COVID-19 vaccine shipments statewide were delayed this week as a series of winter storms chugged across the region.
The Capital Region was hit with a wintry mix Monday night into Tuesday. While there was not much in terms of snow accumulation, sleet and freezing rain made road conditions hazardous.
Columbia and Greene counties did not receive their shipments of vaccines, which typically arrive on Tuesdays.
The Columbia County Department of Health has opted to cancel its vaccination PODs, or points of distribution, scheduled for this week due to winter storms.
Columbia County Department of Health Director Jack Mabb said weather conditions have delayed the shipment and as of Wednesday afternoon, the county had not received this week’s doses.
“We have 500 second doses that are supposed to come across the country through this nasty storm out there,” Mabb said. “So we’re not optimistic about getting our doses.”
The county canceled PODs scheduled for Thursday and Friday, where second doses of the COVID-19 vaccine were set to be administered.
Five hundred second doses and 200 first doses of the vaccine were expected to be delivered this week. Of the first doses, 100 were allocated to eligible individuals in the 1B category and 100 were for people with comorbidities.
“Normally they have been delivered on Tuesdays,” Mabb said. “But we haven’t seen them yet as of today.”
Even if the county receives the delayed vaccine doses soon, Mabb said he would not expect people, especially seniors, to travel in bad weather to get inoculated.
This week’s delayed dosages will be administered next week, along with next week’s doses, Mabb said. The Department of Health is calling everyone who was originally scheduled to receive a vaccine this week to inform them of the delay and reschedule.
The POD scheduled for Friday will be moved to Wednesday and the clinic scheduled for this Thursday will be moved to next Thursday. The county will hold a second-dose POD during the day next Thursday.
Mabb expects to receive the same number of vaccines next week — 100 doses for people in the 1B category and 100 for people with comorbidities. Next Friday the county will likely hold two PODs to administer the 200 doses for the 1B category and people with comorbidities.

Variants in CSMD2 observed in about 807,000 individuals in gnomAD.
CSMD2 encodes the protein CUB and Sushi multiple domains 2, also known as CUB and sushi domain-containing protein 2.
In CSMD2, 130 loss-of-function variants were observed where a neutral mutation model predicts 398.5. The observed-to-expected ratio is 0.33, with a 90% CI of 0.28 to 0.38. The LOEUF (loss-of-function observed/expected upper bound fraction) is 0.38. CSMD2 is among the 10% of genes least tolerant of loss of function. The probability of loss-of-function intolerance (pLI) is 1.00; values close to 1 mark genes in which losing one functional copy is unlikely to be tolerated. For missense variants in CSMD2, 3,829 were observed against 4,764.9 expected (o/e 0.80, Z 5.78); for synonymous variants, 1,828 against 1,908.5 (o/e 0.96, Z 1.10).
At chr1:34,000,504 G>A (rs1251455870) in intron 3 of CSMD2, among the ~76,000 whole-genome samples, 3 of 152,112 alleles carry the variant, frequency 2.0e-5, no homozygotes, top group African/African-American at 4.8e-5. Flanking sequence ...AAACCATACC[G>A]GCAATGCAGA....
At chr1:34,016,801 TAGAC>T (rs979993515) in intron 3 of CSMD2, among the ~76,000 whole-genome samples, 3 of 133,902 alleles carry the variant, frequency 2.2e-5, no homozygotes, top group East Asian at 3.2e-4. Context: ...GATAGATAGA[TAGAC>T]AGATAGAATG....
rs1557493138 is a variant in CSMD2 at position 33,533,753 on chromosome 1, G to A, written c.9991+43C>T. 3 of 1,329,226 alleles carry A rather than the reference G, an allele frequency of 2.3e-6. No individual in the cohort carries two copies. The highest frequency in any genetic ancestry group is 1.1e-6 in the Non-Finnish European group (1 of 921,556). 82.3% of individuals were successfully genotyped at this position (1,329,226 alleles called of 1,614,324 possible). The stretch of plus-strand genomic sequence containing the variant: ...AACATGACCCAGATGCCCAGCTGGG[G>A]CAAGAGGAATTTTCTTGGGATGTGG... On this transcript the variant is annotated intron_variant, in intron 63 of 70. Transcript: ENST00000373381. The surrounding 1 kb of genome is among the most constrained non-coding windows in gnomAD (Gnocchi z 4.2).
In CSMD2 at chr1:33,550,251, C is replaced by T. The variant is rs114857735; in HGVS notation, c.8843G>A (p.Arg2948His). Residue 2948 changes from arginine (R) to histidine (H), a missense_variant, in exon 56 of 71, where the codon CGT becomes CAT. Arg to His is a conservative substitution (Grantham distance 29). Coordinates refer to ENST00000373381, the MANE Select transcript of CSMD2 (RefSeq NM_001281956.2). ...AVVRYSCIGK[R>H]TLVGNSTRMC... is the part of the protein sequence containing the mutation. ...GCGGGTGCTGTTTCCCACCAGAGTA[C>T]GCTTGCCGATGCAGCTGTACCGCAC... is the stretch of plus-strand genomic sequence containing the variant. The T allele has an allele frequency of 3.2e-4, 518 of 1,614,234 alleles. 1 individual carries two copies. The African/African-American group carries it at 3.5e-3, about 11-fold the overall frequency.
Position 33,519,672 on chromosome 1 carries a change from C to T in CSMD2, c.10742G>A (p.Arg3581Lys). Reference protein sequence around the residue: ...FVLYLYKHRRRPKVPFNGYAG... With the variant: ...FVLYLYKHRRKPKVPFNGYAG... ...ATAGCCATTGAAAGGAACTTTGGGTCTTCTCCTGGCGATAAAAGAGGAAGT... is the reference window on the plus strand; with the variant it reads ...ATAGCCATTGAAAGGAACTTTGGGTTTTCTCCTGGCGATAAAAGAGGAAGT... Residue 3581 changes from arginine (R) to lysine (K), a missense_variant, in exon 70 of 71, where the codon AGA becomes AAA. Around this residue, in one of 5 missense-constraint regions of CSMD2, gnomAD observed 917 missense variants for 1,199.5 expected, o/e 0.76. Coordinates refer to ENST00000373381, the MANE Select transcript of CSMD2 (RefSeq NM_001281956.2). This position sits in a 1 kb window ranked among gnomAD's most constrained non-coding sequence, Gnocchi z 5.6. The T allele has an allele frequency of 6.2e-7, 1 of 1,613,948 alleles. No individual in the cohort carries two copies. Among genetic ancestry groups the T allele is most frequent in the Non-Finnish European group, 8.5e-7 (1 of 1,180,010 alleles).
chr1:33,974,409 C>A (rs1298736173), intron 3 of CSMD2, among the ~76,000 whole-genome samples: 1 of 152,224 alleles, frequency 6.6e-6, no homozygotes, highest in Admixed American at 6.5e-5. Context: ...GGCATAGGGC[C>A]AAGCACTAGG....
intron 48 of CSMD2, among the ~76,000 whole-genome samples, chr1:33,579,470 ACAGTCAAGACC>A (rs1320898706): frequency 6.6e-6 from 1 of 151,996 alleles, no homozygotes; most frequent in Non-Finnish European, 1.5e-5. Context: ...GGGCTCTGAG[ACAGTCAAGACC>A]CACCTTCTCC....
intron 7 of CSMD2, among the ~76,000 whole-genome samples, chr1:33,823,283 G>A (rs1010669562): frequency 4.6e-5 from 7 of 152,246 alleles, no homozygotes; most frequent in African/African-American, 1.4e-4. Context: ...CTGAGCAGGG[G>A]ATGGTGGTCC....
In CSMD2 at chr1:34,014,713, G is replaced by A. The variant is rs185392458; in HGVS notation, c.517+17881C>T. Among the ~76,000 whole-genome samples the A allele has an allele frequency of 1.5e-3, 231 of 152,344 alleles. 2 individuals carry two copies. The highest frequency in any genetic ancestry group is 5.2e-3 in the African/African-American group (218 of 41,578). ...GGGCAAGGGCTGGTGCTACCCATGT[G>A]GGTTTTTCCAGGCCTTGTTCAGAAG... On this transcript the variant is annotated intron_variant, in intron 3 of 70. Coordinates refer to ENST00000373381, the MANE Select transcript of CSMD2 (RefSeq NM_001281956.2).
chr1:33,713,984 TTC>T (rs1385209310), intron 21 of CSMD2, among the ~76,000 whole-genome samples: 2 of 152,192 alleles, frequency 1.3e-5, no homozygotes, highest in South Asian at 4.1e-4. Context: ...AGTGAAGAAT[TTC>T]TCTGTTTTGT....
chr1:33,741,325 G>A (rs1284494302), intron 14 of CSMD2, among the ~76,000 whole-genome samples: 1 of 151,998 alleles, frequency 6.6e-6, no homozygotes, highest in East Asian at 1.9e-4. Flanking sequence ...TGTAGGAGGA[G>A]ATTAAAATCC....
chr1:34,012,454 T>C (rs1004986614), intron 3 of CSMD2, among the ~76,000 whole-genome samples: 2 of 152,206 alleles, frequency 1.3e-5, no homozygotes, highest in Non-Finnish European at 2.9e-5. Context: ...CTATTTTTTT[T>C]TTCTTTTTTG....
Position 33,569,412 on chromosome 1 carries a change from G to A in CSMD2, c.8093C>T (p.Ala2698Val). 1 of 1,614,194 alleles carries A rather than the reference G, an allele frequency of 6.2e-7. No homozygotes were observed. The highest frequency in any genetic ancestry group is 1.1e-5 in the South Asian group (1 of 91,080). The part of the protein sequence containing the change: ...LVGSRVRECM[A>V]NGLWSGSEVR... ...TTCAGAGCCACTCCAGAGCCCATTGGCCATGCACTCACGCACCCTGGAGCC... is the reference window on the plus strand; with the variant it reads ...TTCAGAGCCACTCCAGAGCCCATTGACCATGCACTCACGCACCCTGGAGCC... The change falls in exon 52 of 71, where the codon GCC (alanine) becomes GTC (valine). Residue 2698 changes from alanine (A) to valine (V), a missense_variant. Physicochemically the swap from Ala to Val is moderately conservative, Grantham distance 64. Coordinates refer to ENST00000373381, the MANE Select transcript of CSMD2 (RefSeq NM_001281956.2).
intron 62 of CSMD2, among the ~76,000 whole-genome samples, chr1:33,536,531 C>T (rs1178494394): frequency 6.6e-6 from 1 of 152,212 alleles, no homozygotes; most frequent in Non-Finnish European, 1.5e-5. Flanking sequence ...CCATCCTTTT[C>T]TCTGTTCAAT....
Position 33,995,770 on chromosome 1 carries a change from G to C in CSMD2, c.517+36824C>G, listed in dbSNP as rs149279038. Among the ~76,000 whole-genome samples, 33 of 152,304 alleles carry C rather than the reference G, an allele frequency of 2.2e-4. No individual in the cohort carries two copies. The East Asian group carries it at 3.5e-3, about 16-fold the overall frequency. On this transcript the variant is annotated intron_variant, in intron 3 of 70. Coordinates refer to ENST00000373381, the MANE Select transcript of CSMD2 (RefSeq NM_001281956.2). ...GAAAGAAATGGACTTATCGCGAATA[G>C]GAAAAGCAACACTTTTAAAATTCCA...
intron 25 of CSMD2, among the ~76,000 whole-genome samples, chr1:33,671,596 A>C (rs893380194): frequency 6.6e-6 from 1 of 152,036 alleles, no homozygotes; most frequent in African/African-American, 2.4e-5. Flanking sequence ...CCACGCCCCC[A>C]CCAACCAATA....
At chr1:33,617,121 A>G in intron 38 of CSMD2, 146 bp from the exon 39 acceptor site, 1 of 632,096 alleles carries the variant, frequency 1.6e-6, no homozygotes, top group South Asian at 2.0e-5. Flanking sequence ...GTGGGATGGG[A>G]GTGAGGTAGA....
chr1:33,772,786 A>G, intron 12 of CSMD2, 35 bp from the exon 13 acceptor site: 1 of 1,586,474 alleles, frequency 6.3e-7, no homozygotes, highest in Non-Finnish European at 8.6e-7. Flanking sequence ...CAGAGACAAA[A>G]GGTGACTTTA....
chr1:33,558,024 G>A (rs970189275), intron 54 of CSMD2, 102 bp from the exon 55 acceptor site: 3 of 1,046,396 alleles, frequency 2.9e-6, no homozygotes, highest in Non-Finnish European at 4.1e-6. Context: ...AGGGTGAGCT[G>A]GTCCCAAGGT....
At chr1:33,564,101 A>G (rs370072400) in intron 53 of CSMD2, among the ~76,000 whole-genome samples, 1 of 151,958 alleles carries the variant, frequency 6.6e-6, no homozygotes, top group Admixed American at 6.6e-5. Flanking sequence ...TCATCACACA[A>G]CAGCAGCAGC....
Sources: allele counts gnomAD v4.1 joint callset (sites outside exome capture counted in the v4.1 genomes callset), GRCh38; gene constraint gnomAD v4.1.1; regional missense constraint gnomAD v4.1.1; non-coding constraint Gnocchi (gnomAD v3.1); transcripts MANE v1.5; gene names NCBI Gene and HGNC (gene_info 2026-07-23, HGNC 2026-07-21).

“I think we’ve had really good luck with our PODs, and we’ve had really good luck with our deliveries up until now,” Mabb said.
Other area health departments in the Capital Region also expect delays in vaccine shipments due to inclement weather, Mabb said Wednesday.
“I was on a call with my fellow directors from around the region this morning. We’re all in the same place — we’re sitting holding our breath,” Mabb said.
This is the first time COVID vaccine shipments have been delayed, he said.
Greene County’s shipment, which included 100 vaccines for Phase 1B and 100 vaccines for residents with comorbidities, along with some second doses, was still hundreds of miles away Wednesday, Legislature Chairman Patrick Linger, R-New Baltimore, said.
“We got word they were held up due to the weather,” Linger said, adding the shipment was in Kentucky and the county had no indication of when it would arrive.
Three hundred seniors living in congregate-care settings are due for their second shot Thursday, Linger said.
“We may have some of them, but I don’t know that we have all of them,” he said.
Greene County Public Health had planned to hold a clinic Friday for residents in group 1B and those with comorbidities, Linger said.
“Right now they’re planning to do that contingent upon receiving those vaccines,” he said.
Planning has been difficult with the uncertainty surrounding vaccine supply, Linger said.
“The state is supposed to be moving to a three-week schedule for us to make it a little easier to plan,” he said. “We would know three weeks in advance what our allotment is going to be for three weeks. We are week to week, literally. We put in an order on Friday, we find out Monday what we’re going to get and Tuesday we have them generally. That leaves us about three days to schedule and get vaccines in arms.”
The state’s distribution plan has made it difficult for counties to get the vaccines they need, Linger said.
“It’s very tough,” he said. “The state-run sites seem like they are cannibalizing a lot of vaccines coming into New York. [The state sites] are scheduled out through April and the state is telling counties to not schedule for vaccines they don’t have in hand. It makes it hard to justify to our own residents why we don’t have vaccines. We can get [vaccines] a heck of a lot closer to residents than traveling to Albany, Syracuse, Plattsburgh or Westchester. There’s no need for it.”
To sign up for Greene County’s vaccine notification system, visit https://www.greenegovernment.com/covid-sign-up
Those without internet access can call 518-822-9600 to sign up.
The system is designed to expedite the process of getting a vaccine for Greene County residents, but is not a mechanism to schedule an appointment.
The region is expected to see more snowfall Thursday into Friday.
“It looks like there will be snow starting tomorrow afternoon, which will continue into the day Friday,” meteorologist Michael Evans of the National Weather Service in Albany said. “It will taper off to flurries by noon Friday.”
The Twin Counties will likely see 3 to 6 inches, with the heavier snowfall hitting south of the region, Evans said.
“If the storm were to shift further north, we could see 6 inches or more,” he said. “It’s a little uncertain, it’s kind of on the edge.”
Temperatures will be in the 20s with light wind speeds of 10 mph or less, Evans said.